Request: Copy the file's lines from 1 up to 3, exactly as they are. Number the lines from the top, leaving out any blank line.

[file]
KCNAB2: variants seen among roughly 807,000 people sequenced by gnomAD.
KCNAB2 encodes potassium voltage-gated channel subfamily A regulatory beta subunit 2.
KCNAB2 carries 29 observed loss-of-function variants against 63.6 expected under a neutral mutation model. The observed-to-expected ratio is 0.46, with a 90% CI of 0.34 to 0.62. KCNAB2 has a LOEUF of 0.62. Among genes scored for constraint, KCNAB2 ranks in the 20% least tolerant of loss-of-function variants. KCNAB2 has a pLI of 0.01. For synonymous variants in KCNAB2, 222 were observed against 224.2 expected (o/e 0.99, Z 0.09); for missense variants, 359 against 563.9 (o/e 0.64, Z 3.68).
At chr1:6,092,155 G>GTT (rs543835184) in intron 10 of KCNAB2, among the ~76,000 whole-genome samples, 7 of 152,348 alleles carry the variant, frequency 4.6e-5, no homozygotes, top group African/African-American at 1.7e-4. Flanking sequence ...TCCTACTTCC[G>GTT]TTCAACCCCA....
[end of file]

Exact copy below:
KCNAB2: variants seen among roughly 807,000 people sequenced by gnomAD.
KCNAB2 encodes potassium voltage-gated channel subfamily A regulatory beta subunit 2.
KCNAB2 carries 29 observed loss-of-function variants against 63.6 expected under a neutral mutation model. The observed-to-expected ratio is 0.46, with a 90% CI of 0.34 to 0.62. KCNAB2 has a LOEUF of 0.62. Among genes scored for constraint, KCNAB2 ranks in the 20% least tolerant of loss-of-function variants. KCNAB2 has a pLI of 0.01. For synonymous variants in KCNAB2, 222 were observed against 224.2 expected (o/e 0.99, Z 0.09); for missense variants, 359 against 563.9 (o/e 0.64, Z 3.68).